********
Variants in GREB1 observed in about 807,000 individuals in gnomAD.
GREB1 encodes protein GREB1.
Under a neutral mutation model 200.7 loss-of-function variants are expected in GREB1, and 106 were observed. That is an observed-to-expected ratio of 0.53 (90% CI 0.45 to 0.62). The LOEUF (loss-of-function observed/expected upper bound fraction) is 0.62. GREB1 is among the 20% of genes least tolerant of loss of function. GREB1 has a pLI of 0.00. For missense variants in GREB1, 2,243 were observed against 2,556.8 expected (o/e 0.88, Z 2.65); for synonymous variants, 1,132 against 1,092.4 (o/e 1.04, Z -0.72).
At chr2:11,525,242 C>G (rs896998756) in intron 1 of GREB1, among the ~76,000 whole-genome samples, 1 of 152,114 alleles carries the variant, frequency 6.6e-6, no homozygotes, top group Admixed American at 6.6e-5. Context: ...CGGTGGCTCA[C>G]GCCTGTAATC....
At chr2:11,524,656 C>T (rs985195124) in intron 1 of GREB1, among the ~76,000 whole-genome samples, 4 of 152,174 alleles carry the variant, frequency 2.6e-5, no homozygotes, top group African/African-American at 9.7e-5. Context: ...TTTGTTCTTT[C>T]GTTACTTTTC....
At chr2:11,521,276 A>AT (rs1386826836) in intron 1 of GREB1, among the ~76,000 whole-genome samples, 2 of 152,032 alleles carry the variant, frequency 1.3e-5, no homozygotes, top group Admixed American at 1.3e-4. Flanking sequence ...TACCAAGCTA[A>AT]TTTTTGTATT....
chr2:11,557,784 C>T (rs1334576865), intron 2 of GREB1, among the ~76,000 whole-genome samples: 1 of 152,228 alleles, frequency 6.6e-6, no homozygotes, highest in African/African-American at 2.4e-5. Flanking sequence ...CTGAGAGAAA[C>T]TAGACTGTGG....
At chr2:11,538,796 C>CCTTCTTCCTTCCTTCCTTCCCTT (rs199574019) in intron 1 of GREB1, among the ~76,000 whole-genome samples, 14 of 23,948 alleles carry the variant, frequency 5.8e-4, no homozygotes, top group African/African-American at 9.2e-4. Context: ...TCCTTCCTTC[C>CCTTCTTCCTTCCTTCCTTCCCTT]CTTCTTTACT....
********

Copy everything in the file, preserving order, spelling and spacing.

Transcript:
Variants in GREB1 observed in about 807,000 individuals in gnomAD.
GREB1 encodes protein GREB1.
Under a neutral mutation model 200.7 loss-of-function variants are expected in GREB1, and 106 were observed. That is an observed-to-expected ratio of 0.53 (90% CI 0.45 to 0.62). The LOEUF (loss-of-function observed/expected upper bound fraction) is 0.62. GREB1 is among the 20% of genes least tolerant of loss of function. GREB1 has a pLI of 0.00. For missense variants in GREB1, 2,243 were observed against 2,556.8 expected (o/e 0.88, Z 2.65); for synonymous variants, 1,132 against 1,092.4 (o/e 1.04, Z -0.72).
At chr2:11,525,242 C>G (rs896998756) in intron 1 of GREB1, among the ~76,000 whole-genome samples, 1 of 152,114 alleles carries the variant, frequency 6.6e-6, no homozygotes, top group Admixed American at 6.6e-5. Context: ...CGGTGGCTCA[C>G]GCCTGTAATC....
At chr2:11,524,656 C>T (rs985195124) in intron 1 of GREB1, among the ~76,000 whole-genome samples, 4 of 152,174 alleles carry the variant, frequency 2.6e-5, no homozygotes, top group African/African-American at 9.7e-5. Context: ...TTTGTTCTTT[C>T]GTTACTTTTC....
At chr2:11,521,276 A>AT (rs1386826836) in intron 1 of GREB1, among the ~76,000 whole-genome samples, 2 of 152,032 alleles carry the variant, frequency 1.3e-5, no homozygotes, top group Admixed American at 1.3e-4. Flanking sequence ...TACCAAGCTA[A>AT]TTTTTGTATT....
chr2:11,557,784 C>T (rs1334576865), intron 2 of GREB1, among the ~76,000 whole-genome samples: 1 of 152,228 alleles, frequency 6.6e-6, no homozygotes, highest in African/African-American at 2.4e-5. Flanking sequence ...CTGAGAGAAA[C>T]TAGACTGTGG....
At chr2:11,538,796 C>CCTTCTTCCTTCCTTCCTTCCCTT (rs199574019) in intron 1 of GREB1, among the ~76,000 whole-genome samples, 14 of 23,948 alleles carry the variant, frequency 5.8e-4, no homozygotes, top group African/African-American at 9.2e-4. Context: ...TCCTTCCTTC[C>CCTTCTTCCTTCCTTCCTTCCCTT]CTTCTTTACT....